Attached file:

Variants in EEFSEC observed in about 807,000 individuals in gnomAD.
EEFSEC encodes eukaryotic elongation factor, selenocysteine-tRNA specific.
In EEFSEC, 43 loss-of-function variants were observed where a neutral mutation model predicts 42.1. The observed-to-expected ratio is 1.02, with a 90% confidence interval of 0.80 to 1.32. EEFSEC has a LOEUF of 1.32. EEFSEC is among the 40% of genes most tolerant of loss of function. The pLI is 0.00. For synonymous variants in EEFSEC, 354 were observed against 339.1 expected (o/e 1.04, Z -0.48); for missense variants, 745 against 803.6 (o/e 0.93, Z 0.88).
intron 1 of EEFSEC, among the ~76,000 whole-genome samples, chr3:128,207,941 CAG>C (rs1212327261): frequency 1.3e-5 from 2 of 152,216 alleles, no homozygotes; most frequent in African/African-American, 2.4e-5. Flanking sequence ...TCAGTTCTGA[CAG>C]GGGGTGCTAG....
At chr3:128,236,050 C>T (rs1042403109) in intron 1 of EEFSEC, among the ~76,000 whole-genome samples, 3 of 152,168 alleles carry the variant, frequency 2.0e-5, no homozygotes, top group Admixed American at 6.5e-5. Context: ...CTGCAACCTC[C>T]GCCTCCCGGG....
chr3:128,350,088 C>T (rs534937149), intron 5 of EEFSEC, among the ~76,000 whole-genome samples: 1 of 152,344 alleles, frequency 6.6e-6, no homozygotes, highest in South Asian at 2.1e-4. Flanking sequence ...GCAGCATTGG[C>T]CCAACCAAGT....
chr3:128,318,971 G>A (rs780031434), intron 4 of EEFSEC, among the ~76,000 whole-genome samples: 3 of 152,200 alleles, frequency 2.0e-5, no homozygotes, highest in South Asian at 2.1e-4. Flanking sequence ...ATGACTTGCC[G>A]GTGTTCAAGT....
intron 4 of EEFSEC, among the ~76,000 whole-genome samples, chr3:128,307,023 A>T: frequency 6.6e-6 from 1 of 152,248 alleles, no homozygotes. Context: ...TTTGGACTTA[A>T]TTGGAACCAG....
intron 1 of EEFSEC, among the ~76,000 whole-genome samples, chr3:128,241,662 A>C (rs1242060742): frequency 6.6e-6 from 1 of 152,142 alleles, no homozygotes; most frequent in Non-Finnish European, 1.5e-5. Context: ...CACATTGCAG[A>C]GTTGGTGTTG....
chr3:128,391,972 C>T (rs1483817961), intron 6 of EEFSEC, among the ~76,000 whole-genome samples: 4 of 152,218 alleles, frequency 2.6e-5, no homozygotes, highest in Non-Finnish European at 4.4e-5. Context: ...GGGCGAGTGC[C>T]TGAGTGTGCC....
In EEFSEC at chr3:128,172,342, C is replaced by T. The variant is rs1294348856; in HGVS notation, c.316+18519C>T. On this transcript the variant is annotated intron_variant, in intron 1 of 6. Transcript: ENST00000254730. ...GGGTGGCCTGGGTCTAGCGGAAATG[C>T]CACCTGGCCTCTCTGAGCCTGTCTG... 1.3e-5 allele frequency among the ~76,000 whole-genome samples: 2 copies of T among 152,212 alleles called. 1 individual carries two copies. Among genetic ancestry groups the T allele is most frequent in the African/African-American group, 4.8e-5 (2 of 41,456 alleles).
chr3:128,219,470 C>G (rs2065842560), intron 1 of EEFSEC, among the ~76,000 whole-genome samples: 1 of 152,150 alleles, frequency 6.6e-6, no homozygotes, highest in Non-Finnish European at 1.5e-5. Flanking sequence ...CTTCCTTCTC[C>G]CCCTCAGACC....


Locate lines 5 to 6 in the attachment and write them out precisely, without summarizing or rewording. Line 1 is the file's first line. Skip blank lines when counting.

At chr3:128,236,050 C>T (rs1042403109) in intron 1 of EEFSEC, among the ~76,000 whole-genome samples, 3 of 152,168 alleles carry the variant, frequency 2.0e-5, no homozygotes, top group Admixed American at 6.5e-5. Context: ...CTGCAACCTC[C>T]GCCTCCCGGG....
chr3:128,350,088 C>T (rs534937149), intron 5 of EEFSEC, among the ~76,000 whole-genome samples: 1 of 152,344 alleles, frequency 6.6e-6, no homozygotes, highest in South Asian at 2.1e-4. Flanking sequence ...GCAGCATTGG[C>T]CCAACCAAGT....